It begins in August. I start getting crabby easily. In the early years after 9/11 I wouldn't understand why this crabbiness happened. Now, I'm used to it. And I have to work hard to hide it. Though, I'm not always successful; and Craig will point it out to me. I get irritable because petty annoyances seem so insignificant to what happened to almost three thousand families in one morning. It's a poor excuse. When I remind Craig it's because 9/11 is coming again. He kindly mentions that it might be helpful for me to talk to someone. Maybe I should seek out a counselor. But I know I'll be fine once September 12th arrives.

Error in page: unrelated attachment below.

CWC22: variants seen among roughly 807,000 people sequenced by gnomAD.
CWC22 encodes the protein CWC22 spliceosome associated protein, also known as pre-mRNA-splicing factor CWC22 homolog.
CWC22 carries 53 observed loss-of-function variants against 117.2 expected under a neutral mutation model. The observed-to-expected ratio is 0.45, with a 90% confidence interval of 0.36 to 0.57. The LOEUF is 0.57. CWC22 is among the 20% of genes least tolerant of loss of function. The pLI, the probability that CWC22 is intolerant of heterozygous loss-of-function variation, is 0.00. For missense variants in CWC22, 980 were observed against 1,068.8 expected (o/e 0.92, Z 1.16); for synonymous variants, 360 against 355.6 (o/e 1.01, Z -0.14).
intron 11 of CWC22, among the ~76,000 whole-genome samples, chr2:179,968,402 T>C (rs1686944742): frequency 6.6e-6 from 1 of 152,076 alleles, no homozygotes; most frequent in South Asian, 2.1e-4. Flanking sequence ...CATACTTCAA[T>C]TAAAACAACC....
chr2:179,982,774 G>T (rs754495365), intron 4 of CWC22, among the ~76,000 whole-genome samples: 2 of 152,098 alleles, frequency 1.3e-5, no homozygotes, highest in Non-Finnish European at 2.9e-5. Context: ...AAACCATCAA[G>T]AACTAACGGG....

It's not just the crabbiness. I also begin to have nightmares. Not really bad ones, just unsettling, haunting memories of unhappy dreams that wake me in the night which I quickly forget as soon as I get up in the morning. But I know they were there.

Then the tears begin. I will spontaneously begin to tear-up for no apparent reason. Mostly my eyes just water, and I quickly divert my unhappy thoughts to something different and uplifting. Less often its full out crying and sobbing as I think about the many families suffering loss and sadness. I have many good things happening in my life right now; so maybe the distractions of my busy life will help to keep these emotions at bay this year.